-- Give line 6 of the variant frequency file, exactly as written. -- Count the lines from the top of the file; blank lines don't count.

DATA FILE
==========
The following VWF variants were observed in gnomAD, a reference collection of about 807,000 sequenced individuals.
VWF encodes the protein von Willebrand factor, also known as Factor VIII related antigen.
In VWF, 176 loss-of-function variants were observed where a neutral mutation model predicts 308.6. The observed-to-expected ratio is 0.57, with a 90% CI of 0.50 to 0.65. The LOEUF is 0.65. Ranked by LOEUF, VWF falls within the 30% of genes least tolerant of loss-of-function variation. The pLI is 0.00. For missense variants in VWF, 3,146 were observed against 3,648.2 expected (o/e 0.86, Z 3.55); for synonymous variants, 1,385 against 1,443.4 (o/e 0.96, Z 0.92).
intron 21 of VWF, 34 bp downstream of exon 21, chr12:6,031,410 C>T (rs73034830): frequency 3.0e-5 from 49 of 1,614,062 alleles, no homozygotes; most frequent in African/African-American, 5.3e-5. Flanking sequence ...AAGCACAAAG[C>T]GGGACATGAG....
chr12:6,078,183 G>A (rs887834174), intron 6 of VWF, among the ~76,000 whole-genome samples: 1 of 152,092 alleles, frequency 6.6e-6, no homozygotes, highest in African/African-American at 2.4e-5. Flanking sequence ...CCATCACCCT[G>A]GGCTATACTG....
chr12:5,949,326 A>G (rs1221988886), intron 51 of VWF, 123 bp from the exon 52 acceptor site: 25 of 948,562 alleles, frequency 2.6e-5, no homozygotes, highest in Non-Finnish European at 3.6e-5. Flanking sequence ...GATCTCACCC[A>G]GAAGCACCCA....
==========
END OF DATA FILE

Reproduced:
chr12:5,949,326 A>G (rs1221988886), intron 51 of VWF, 123 bp from the exon 52 acceptor site: 25 of 948,562 alleles, frequency 2.6e-5, no homozygotes, highest in Non-Finnish European at 3.6e-5. Flanking sequence ...GATCTCACCC[A>G]GAAGCACCCA....